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Genome Res. 2008 Dec;18(12):1865-74. doi: 10.1101/gr.081422.108. Epub 2008 Oct 8.

Analysis of copy number variants and segmental duplications in the human genome: Evidence for a change in the process of formation in recent evolutionary history.

Author information

1
Department of Molecular Biophysics and Biochemistry, Yale University, New Haven, Connecticut 06520, USA.

Abstract

Segmental duplications (SDs) are operationally defined as >1 kb stretches of duplicated DNA with high sequence identity. They arise from copy number variants (CNVs) fixed in the population. To investigate the formation of SDs and CNVs, we examine their large-scale patterns of co-occurrence with different repeats. Alu elements, a major class of genomic repeats, had previously been identified as prime drivers of SD formation. We also observe this association; however, we find that it sharply decreases for younger SDs. Continuing this trend, we find only weak associations of CNVs with Alus. Similarly, we find an association of SDs with processed pseudogenes, which is decreasing for younger SDs and absent entirely for CNVs. Next, we find that SDs are significantly co-localized with each other, resulting in a highly skewed "power-law" distribution and chromosomal hotspots. We also observe a significant association of CNVs with SDs, but find that an SD-mediated mechanism only accounts for some CNVs (<28%). Overall, our results imply that a shift in predominant formation mechanism occurred in recent history: approximately 40 million years ago, during the "Alu burst" in retrotransposition activity, non-allelic homologous recombination, first mediated by Alus and then the by newly formed CNVs themselves, was the main driver of genome rearrangements; however, its relative importance has decreased markedly since then, with proportionally more events now stemming from other repeats and from non-homologous end-joining. In addition to a coarse-grained analysis, we performed targeted sequencing of 67 CNVs and then analyzed a combined set of 270 CNVs (540 breakpoints) to verify our conclusions.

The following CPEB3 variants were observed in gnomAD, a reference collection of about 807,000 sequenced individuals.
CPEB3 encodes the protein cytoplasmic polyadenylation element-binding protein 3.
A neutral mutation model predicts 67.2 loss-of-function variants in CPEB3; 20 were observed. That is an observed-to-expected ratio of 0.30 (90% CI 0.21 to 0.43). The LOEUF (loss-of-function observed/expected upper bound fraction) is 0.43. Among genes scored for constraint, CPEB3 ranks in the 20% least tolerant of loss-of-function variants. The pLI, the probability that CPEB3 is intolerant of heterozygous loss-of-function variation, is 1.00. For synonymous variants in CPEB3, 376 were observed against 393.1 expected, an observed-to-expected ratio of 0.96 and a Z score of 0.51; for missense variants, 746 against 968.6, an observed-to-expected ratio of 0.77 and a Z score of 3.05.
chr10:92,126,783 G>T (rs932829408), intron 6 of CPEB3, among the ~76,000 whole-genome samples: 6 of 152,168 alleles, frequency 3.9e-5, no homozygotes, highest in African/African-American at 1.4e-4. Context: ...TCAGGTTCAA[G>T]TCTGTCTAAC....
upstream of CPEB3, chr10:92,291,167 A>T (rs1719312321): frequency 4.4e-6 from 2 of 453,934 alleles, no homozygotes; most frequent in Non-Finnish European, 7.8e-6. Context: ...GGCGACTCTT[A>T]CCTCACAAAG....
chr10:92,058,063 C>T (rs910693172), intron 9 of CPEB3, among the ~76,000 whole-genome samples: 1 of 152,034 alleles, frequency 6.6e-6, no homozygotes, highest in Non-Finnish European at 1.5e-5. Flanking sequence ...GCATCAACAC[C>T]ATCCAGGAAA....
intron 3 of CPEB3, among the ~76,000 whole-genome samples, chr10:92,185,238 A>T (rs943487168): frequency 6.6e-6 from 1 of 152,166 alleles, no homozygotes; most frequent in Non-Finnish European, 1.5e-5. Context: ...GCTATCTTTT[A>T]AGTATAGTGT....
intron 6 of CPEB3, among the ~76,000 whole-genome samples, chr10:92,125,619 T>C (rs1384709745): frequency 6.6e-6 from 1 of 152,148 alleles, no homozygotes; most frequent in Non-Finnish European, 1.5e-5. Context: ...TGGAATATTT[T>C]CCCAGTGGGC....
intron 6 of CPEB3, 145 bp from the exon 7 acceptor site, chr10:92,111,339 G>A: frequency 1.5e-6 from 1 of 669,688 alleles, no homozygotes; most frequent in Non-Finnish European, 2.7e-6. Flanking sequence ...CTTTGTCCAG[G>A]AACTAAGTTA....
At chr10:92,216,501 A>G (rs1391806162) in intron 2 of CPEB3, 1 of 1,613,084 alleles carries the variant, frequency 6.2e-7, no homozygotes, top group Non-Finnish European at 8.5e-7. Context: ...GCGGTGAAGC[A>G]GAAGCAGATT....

PMID:
18842824
PMCID:
PMC2593581
DOI:
10.1101/gr.081422.108
[Indexed for MEDLINE]
Free PMC Article

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